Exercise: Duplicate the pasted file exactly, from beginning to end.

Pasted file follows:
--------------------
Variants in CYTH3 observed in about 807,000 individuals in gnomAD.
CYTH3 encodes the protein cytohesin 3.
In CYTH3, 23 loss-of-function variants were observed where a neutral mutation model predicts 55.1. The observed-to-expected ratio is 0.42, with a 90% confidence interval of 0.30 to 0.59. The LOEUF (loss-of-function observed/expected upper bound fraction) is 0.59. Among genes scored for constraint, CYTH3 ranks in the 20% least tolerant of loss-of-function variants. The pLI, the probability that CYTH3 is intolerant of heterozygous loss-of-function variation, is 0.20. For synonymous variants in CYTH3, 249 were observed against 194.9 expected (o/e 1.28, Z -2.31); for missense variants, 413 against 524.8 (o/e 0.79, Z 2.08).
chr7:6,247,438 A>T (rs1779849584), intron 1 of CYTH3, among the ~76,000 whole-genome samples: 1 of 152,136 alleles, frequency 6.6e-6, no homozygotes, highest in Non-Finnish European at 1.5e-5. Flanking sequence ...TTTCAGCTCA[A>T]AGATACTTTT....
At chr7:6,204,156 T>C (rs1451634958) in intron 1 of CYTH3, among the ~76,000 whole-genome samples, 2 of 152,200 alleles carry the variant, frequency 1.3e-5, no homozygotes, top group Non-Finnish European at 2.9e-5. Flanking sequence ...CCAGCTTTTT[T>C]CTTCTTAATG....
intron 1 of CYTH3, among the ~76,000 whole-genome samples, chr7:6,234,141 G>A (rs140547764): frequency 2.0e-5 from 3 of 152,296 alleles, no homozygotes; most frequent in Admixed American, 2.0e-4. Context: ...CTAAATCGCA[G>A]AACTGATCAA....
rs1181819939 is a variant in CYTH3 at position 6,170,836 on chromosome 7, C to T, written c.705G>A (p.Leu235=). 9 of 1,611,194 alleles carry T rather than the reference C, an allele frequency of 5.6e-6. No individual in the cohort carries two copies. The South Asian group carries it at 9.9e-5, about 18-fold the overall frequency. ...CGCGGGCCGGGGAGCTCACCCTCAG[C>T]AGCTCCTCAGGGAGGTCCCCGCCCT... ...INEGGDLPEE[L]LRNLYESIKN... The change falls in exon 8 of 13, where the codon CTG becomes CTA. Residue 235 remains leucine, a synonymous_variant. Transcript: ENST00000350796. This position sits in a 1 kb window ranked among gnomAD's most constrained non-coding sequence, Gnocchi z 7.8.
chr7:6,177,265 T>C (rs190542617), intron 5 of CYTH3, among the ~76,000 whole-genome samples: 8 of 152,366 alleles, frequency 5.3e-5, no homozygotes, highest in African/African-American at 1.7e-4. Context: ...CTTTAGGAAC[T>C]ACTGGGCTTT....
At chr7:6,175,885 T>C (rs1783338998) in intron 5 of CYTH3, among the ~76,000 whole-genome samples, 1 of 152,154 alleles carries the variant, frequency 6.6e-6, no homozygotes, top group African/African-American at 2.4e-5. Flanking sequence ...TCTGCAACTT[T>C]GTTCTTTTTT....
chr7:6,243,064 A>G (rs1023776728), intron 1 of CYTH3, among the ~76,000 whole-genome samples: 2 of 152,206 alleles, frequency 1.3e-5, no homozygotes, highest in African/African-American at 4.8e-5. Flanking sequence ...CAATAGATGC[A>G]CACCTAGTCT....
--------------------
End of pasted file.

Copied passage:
Variants in CYTH3 observed in about 807,000 individuals in gnomAD.
CYTH3 encodes the protein cytohesin 3.
In CYTH3, 23 loss-of-function variants were observed where a neutral mutation model predicts 55.1. The observed-to-expected ratio is 0.42, with a 90% confidence interval of 0.30 to 0.59. The LOEUF (loss-of-function observed/expected upper bound fraction) is 0.59. Among genes scored for constraint, CYTH3 ranks in the 20% least tolerant of loss-of-function variants. The pLI, the probability that CYTH3 is intolerant of heterozygous loss-of-function variation, is 0.20. For synonymous variants in CYTH3, 249 were observed against 194.9 expected (o/e 1.28, Z -2.31); for missense variants, 413 against 524.8 (o/e 0.79, Z 2.08).
chr7:6,247,438 A>T (rs1779849584), intron 1 of CYTH3, among the ~76,000 whole-genome samples: 1 of 152,136 alleles, frequency 6.6e-6, no homozygotes, highest in Non-Finnish European at 1.5e-5. Flanking sequence ...TTTCAGCTCA[A>T]AGATACTTTT....
At chr7:6,204,156 T>C (rs1451634958) in intron 1 of CYTH3, among the ~76,000 whole-genome samples, 2 of 152,200 alleles carry the variant, frequency 1.3e-5, no homozygotes, top group Non-Finnish European at 2.9e-5. Flanking sequence ...CCAGCTTTTT[T>C]CTTCTTAATG....
intron 1 of CYTH3, among the ~76,000 whole-genome samples, chr7:6,234,141 G>A (rs140547764): frequency 2.0e-5 from 3 of 152,296 alleles, no homozygotes; most frequent in Admixed American, 2.0e-4. Context: ...CTAAATCGCA[G>A]AACTGATCAA....
rs1181819939 is a variant in CYTH3 at position 6,170,836 on chromosome 7, C to T, written c.705G>A (p.Leu235=). 9 of 1,611,194 alleles carry T rather than the reference C, an allele frequency of 5.6e-6. No individual in the cohort carries two copies. The South Asian group carries it at 9.9e-5, about 18-fold the overall frequency. ...CGCGGGCCGGGGAGCTCACCCTCAG[C>T]AGCTCCTCAGGGAGGTCCCCGCCCT... ...INEGGDLPEE[L]LRNLYESIKN... The change falls in exon 8 of 13, where the codon CTG becomes CTA. Residue 235 remains leucine, a synonymous_variant. Transcript: ENST00000350796. This position sits in a 1 kb window ranked among gnomAD's most constrained non-coding sequence, Gnocchi z 7.8.
chr7:6,177,265 T>C (rs190542617), intron 5 of CYTH3, among the ~76,000 whole-genome samples: 8 of 152,366 alleles, frequency 5.3e-5, no homozygotes, highest in African/African-American at 1.7e-4. Context: ...CTTTAGGAAC[T>C]ACTGGGCTTT....
At chr7:6,175,885 T>C (rs1783338998) in intron 5 of CYTH3, among the ~76,000 whole-genome samples, 1 of 152,154 alleles carries the variant, frequency 6.6e-6, no homozygotes, top group African/African-American at 2.4e-5. Flanking sequence ...TCTGCAACTT[T>C]GTTCTTTTTT....
chr7:6,243,064 A>G (rs1023776728), intron 1 of CYTH3, among the ~76,000 whole-genome samples: 2 of 152,206 alleles, frequency 1.3e-5, no homozygotes, highest in African/African-American at 4.8e-5. Flanking sequence ...CAATAGATGC[A>G]CACCTAGTCT....